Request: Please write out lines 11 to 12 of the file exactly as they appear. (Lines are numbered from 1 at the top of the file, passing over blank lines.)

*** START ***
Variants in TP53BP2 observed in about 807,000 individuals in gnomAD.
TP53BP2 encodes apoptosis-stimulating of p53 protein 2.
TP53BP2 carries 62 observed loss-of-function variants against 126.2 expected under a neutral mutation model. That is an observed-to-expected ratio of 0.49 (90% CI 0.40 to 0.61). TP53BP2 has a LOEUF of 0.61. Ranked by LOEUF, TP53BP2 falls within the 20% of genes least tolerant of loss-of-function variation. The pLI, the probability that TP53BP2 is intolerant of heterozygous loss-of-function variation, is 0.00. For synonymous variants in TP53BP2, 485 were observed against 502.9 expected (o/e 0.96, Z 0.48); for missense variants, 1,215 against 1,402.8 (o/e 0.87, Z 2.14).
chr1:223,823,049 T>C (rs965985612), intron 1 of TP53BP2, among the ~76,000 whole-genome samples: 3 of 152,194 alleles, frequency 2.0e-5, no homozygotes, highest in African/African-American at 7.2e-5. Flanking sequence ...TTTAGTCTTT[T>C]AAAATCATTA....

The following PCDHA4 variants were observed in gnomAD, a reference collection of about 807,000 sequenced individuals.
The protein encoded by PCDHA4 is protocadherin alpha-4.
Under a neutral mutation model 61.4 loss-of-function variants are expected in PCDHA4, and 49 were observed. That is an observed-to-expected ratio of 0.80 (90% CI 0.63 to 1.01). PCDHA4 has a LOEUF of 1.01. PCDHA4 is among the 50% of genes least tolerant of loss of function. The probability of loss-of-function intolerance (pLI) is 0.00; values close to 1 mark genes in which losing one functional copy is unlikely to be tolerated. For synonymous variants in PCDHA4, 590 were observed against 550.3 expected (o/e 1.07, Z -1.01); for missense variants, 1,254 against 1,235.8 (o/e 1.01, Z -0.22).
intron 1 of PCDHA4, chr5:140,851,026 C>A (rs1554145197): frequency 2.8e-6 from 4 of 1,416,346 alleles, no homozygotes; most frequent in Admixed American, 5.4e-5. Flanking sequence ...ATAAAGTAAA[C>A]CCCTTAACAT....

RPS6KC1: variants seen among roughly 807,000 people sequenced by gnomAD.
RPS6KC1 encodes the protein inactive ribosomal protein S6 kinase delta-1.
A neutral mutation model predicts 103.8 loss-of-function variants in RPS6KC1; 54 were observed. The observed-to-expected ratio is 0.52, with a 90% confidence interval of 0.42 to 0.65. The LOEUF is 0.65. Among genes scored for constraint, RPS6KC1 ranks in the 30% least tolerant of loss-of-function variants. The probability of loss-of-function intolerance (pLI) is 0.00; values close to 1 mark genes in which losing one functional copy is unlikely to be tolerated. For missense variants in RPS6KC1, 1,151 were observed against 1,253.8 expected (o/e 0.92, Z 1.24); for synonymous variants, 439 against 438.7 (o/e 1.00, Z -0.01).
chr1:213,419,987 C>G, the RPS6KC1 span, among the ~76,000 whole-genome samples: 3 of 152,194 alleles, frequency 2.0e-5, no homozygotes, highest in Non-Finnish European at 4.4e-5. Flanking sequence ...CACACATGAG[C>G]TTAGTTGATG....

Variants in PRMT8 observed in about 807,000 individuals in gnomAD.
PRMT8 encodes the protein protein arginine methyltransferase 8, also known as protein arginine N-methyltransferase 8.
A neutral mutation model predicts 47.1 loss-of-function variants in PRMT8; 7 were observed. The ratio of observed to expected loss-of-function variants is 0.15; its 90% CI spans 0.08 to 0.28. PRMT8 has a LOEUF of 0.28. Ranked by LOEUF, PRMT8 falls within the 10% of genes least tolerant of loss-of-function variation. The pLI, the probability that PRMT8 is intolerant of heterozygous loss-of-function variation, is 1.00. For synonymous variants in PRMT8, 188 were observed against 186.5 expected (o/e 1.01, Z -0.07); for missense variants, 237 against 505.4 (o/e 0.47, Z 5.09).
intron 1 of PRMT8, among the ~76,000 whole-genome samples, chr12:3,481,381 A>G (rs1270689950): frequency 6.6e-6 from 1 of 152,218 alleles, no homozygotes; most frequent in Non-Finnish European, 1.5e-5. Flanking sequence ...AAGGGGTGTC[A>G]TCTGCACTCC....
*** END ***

A neutral mutation model predicts 103.8 loss-of-function variants in RPS6KC1; 54 were observed. The observed-to-expected ratio is 0.52, with a 90% confidence interval of 0.42 to 0.65. The LOEUF is 0.65. Among genes scored for constraint, RPS6KC1 ranks in the 30% least tolerant of loss-of-function variants. The probability of loss-of-function intolerance (pLI) is 0.00; values close to 1 mark genes in which losing one functional copy is unlikely to be tolerated. For missense variants in RPS6KC1, 1,151 were observed against 1,253.8 expected (o/e 0.92, Z 1.24); for synonymous variants, 439 against 438.7 (o/e 1.00, Z -0.01).
chr1:213,419,987 C>G, the RPS6KC1 span, among the ~76,000 whole-genome samples: 3 of 152,194 alleles, frequency 2.0e-5, no homozygotes, highest in Non-Finnish European at 4.4e-5. Flanking sequence ...CACACATGAG[C>G]TTAGTTGATG....